Life is sometimes mind over matter. When Americans reach that 65 and older period in their lifespan, falling down becomes more of a reality than just a thought and begins to really matter.
A healthy aging program has been designed by Karen Peterson, a Brain Gym® instructor, educational kinesiologist, natural vision improvement instructor, Touch for Health instructor and a massage therapist for 25 years, teaches these modalities to all ages and occupations with suggested moves such as; The cross-crawl, Forward toe-touch dancer, Sensory integration – the arrow chart, Side-step walk and believe it or not, The cat jump.
“The projected cost in health-care expenses for 2020 due to fall-related injuries in the United States is $55 billion,” says Karen Peterson, author of “Move With Balance: Healthy Aging Activities for Brain and Body,” (www.MoveWithBalance.org).
“It’s important for seniors to keep moving and learning. That’s what helps improve balance and coordination” says Peterson. “But if you’re rather frail, or just very fearful of falling, you’re less likely to get up and move around.” These activities benefit all seniors, from 55 to 105.
If you’re a little unsteady on your feet, but you still want to move and groove and be active as possible, that’s great and commendable, but be smart and wear protection. And the most effective way to protect the most vulnerable parts of your body–your hips– is to pad them unobtrusively and securely with ComfiHips® (www.comfihips.com).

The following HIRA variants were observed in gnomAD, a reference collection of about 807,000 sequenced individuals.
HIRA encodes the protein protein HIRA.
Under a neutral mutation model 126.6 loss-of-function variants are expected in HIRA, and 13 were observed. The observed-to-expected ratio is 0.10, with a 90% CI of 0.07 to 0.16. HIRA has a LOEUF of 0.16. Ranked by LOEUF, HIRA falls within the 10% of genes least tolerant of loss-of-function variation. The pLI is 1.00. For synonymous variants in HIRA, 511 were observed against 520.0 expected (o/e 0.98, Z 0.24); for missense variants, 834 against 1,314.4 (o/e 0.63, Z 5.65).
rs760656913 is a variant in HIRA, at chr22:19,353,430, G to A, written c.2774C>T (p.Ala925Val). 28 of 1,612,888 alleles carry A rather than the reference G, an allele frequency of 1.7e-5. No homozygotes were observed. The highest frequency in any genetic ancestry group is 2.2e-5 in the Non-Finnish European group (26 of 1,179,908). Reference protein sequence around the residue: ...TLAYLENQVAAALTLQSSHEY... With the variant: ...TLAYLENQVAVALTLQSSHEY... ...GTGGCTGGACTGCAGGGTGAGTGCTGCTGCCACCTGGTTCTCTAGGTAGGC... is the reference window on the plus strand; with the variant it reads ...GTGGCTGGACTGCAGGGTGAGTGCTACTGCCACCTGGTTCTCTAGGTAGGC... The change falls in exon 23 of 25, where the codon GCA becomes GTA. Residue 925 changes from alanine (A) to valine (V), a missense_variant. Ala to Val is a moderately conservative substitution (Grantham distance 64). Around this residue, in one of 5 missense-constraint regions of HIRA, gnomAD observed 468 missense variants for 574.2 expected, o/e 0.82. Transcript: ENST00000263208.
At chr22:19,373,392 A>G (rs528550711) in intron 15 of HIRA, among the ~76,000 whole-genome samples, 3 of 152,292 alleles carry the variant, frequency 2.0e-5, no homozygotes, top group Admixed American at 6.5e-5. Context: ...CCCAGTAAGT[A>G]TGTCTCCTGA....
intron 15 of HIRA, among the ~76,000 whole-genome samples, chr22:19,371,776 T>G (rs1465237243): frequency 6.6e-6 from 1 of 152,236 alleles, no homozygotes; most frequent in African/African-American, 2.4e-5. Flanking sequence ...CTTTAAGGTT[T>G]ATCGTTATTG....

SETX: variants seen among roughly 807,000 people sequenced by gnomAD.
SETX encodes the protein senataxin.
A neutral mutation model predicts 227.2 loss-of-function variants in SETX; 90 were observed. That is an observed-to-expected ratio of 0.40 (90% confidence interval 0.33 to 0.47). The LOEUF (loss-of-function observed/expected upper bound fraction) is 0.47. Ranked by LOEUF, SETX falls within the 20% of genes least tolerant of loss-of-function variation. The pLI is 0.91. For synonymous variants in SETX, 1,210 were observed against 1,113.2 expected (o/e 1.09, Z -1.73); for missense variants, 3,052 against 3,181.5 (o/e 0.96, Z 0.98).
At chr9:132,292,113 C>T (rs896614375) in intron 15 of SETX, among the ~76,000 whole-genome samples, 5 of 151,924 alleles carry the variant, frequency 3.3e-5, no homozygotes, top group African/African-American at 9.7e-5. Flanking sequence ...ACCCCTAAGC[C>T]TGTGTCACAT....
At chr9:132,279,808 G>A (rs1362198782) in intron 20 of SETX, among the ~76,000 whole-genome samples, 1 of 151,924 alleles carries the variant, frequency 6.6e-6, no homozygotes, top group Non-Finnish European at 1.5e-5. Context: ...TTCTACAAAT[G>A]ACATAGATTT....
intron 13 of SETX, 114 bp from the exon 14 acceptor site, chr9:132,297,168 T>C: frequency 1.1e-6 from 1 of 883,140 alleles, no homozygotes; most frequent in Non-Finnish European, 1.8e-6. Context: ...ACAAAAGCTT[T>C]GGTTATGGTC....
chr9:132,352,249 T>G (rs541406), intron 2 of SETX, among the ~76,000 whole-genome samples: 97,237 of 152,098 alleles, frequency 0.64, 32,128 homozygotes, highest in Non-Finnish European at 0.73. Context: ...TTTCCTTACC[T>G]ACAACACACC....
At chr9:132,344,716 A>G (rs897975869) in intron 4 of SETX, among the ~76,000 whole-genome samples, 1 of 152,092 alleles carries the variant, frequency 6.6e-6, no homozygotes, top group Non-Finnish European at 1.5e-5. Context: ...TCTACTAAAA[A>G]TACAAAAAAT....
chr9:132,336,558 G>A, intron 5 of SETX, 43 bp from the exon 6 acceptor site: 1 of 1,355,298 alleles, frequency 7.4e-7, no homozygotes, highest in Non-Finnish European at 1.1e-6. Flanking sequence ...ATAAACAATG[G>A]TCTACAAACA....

The last thing you want to do is break a hip, because that will put you on the sidelines and out of commission, maybe forever. For many a senior, a hip fracture can take you right out of the game, perhaps spell the end of exercise and might even trigger a steep decline in your health putting you on a downhill track you don’t want to be on.
So be smart and think about wearing protection. No one will even know you’re wearing ComfiHips® as they won’t show under your exercise outfit.
And if you happen to stumble you can get right up saying: “I’ve fallen . . . but I CAN get up” And get back in the game!
Now if you are a postmenopausal woman who typically consumes only one or two servings a day of dairy, you may be hard put to get 1,200 milligrams of calcium you need from the rest of your diet unless you take a supplement. Dr. Ethel Siris, director of the osteoporosis clinic at Columbia University Medical Center in New York, said such women could benefit from a supplement of calcium carbonate (600 milligrams a day) or calcium citrate (500 milligrams a day).
Be sure to read the product label carefully — a usual “serving” is two tablets. Calcium carbonate should be taken with meals to assure absorption, but calcium citrate can be taken at any time and may cause fewer digestive problems.
Most calcium supplements now also contain vitamin D (usually as cholecalciferol, or D3), supplying about 250 to 300 international units in two tablets. The Institute of Medicine recommends 600 units a day for everyone from age 1 to 70 and 800 units for men and women 71 and older, with a safe upper limit for everyone over the age of 9 of 4,000 units.
Calcium with Vitamin D is a good idea because Vitamin D has one advantage over calcium alone: It is fat-soluble and can be stored in the body for later use.